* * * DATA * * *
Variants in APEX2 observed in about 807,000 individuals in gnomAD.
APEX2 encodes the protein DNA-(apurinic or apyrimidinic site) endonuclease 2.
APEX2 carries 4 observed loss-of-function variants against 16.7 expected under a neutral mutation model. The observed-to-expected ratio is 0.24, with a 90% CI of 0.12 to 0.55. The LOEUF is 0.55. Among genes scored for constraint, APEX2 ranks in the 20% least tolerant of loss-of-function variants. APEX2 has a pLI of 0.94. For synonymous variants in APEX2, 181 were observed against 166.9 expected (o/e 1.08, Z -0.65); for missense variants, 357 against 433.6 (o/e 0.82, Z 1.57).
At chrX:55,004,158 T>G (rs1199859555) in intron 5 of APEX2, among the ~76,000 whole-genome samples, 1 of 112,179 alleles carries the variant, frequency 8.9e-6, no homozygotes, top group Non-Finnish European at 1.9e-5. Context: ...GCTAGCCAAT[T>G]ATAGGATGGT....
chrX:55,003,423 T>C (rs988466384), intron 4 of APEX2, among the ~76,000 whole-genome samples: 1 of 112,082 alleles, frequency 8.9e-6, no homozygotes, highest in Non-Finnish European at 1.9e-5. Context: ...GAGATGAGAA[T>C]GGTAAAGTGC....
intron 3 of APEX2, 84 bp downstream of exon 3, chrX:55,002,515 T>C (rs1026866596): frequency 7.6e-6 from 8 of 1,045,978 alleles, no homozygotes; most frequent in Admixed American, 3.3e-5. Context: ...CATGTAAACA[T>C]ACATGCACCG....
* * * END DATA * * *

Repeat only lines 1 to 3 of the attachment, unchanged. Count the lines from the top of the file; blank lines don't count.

Variants in APEX2 observed in about 807,000 individuals in gnomAD.
APEX2 encodes the protein DNA-(apurinic or apyrimidinic site) endonuclease 2.
APEX2 carries 4 observed loss-of-function variants against 16.7 expected under a neutral mutation model. The observed-to-expected ratio is 0.24, with a 90% CI of 0.12 to 0.55. The LOEUF is 0.55. Among genes scored for constraint, APEX2 ranks in the 20% least tolerant of loss-of-function variants. APEX2 has a pLI of 0.94. For synonymous variants in APEX2, 181 were observed against 166.9 expected (o/e 1.08, Z -0.65); for missense variants, 357 against 433.6 (o/e 0.82, Z 1.57).